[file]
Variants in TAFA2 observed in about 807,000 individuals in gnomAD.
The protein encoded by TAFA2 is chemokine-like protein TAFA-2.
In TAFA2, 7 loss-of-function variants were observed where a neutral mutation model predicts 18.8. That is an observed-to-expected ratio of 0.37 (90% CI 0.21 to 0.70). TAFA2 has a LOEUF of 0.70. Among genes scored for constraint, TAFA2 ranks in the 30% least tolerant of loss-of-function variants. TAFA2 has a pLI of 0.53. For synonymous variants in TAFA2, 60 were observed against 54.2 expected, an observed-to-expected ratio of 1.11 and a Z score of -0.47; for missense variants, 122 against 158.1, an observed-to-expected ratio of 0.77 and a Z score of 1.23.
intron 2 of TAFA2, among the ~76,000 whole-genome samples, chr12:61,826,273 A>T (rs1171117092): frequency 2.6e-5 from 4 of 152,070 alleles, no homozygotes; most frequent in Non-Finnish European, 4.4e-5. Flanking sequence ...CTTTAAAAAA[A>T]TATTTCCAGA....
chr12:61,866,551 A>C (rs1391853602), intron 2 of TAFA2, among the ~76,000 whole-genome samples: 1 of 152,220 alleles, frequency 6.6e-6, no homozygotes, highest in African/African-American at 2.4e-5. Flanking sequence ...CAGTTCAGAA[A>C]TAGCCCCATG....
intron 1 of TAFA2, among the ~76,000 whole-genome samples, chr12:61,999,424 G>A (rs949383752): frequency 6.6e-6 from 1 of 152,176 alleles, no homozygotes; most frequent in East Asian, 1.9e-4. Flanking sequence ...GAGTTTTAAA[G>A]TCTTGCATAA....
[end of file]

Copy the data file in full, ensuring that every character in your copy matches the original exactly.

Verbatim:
Variants in TAFA2 observed in about 807,000 individuals in gnomAD.
The protein encoded by TAFA2 is chemokine-like protein TAFA-2.
In TAFA2, 7 loss-of-function variants were observed where a neutral mutation model predicts 18.8. That is an observed-to-expected ratio of 0.37 (90% CI 0.21 to 0.70). TAFA2 has a LOEUF of 0.70. Among genes scored for constraint, TAFA2 ranks in the 30% least tolerant of loss-of-function variants. TAFA2 has a pLI of 0.53. For synonymous variants in TAFA2, 60 were observed against 54.2 expected, an observed-to-expected ratio of 1.11 and a Z score of -0.47; for missense variants, 122 against 158.1, an observed-to-expected ratio of 0.77 and a Z score of 1.23.
intron 2 of TAFA2, among the ~76,000 whole-genome samples, chr12:61,826,273 A>T (rs1171117092): frequency 2.6e-5 from 4 of 152,070 alleles, no homozygotes; most frequent in Non-Finnish European, 4.4e-5. Flanking sequence ...CTTTAAAAAA[A>T]TATTTCCAGA....
chr12:61,866,551 A>C (rs1391853602), intron 2 of TAFA2, among the ~76,000 whole-genome samples: 1 of 152,220 alleles, frequency 6.6e-6, no homozygotes, highest in African/African-American at 2.4e-5. Flanking sequence ...CAGTTCAGAA[A>C]TAGCCCCATG....
intron 1 of TAFA2, among the ~76,000 whole-genome samples, chr12:61,999,424 G>A (rs949383752): frequency 6.6e-6 from 1 of 152,176 alleles, no homozygotes; most frequent in East Asian, 1.9e-4. Flanking sequence ...GAGTTTTAAA[G>A]TCTTGCATAA....